Comment: there remain to this day doubts about the applicability of Herzberg's factors to non-professional groups, this despite the fact that some of his later studies involved both clerical and manual groups. The numbers in these categories were small and many researchers still argue about the results in these groups. Social scientists meantime continue to argue about the validity of Herzberg's definition of 'job satisfaction'.
Let us close this discussion on motivation with some telling statements by Charles Handy:
'Organisations are to me, first and foremost, fascinating collections of people. The challenge is to make them productive and useful communities. That requires the use of power in all its guises as well as an understanding of the context of the organisation, of its history and its purpose - the politics of the practical you might say, or the organisation as it really is. I call these practicalities because what is the use of all our understanding if we cannot turn it into something practical and useful?'
Man's progress and development on our planet over millennia has been highly dependent upon our species' ability to adapt, to create and to innovate. It has allowed us in many Western societies to move from meeting Maslow's basic needs of food, water, shelter and safety towards the attainment of what he calls 'self-actualising' man. Through the agricultural revolution that got underway in the Middle East from around 10,000B.C to the invention of the printing press and the dawn in the late 18th century of the industrial revolution, the invention of the railways, electricity, the motor car, the telephone, right through radio and television to the internet and today's multi-purpose '3G' mobile phones we can trace the development of an ever-accelerating pace of human innovation.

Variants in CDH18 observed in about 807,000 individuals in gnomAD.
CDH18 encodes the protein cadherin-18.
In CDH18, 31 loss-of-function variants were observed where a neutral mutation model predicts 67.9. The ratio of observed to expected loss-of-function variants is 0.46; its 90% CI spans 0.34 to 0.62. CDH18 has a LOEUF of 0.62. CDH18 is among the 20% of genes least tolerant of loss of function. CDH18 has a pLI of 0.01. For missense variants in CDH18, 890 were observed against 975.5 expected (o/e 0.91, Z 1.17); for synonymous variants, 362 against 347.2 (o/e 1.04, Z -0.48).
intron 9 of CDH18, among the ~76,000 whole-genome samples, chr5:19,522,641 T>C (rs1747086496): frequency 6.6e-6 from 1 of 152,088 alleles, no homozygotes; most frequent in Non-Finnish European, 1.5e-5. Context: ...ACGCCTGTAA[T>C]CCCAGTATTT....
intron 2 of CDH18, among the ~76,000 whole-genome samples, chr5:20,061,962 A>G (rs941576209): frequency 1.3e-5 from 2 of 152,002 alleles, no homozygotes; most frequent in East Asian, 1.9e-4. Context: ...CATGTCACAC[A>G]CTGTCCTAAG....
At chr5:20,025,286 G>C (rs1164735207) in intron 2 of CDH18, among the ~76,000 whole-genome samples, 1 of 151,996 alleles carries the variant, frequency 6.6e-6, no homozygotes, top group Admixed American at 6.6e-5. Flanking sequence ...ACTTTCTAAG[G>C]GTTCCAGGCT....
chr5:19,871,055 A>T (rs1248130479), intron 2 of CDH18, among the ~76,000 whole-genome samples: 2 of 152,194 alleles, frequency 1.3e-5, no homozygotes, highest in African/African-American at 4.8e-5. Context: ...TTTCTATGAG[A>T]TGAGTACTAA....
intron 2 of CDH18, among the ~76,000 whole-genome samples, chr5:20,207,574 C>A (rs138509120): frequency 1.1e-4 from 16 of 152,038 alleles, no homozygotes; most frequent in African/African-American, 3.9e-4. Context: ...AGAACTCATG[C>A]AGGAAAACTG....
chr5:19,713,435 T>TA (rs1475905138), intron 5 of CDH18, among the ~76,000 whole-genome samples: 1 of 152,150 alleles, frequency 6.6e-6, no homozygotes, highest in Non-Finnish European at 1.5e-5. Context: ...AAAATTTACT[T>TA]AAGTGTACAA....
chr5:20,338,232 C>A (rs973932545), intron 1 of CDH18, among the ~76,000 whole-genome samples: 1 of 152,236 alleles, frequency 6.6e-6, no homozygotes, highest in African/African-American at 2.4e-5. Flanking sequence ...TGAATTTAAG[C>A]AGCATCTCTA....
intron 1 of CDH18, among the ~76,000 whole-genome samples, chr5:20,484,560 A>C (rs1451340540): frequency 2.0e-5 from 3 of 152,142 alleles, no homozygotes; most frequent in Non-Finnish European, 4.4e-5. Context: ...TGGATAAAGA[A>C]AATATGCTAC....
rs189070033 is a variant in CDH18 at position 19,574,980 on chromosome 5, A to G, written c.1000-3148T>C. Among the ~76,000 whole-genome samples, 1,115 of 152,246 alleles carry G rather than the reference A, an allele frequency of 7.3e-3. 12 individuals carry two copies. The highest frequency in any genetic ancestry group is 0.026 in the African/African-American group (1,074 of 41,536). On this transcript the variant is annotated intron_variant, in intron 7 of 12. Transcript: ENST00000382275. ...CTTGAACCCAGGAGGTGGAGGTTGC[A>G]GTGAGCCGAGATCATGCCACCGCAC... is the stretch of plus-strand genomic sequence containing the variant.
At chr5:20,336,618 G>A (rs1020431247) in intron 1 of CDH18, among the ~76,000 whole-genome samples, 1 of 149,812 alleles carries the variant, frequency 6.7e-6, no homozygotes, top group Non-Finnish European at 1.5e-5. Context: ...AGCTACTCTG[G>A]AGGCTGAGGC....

Creativity and innovation remain today vital ingredients to the success of any organisation and it has become an increasing challenge for many large organisations to encourage and stimulate the generation of new ideas, new innovations that can benefit not only the organisation but also the creative and innovative individuals themselves. In today’s competitive, consumer driven markets innovation is often described as 'the power of taking new ideas through to customers to satisfy increasingly sophisticated needs'. But the need to create, come up with new ideas, innovate is certainly not confined to overtly commercial organisations; innovation and creativity also have an important place in so-called 'not-for-profits' and increasingly in the public and government sectors where the drives for greater efficiency and effectiveness, for enhanced productivity are driving organisations - and the people in them - to find new and better ways of working, to find innovative new solutions to both old and new problems, to look to technology and modern business processes to find ways of 'doing more for less' to 'keep the customers and consumers happy'.
Henry Minzberg in 'The Nature of Managerial Work' (1992) discussed the creation of frameworks in organisations that would help and encourage creativity:
- 'brainstorming' - a word now discouraged in NHS because of connotations with mental health but still heavily used elsewhere, NHS suggestion = 'cloudbursting'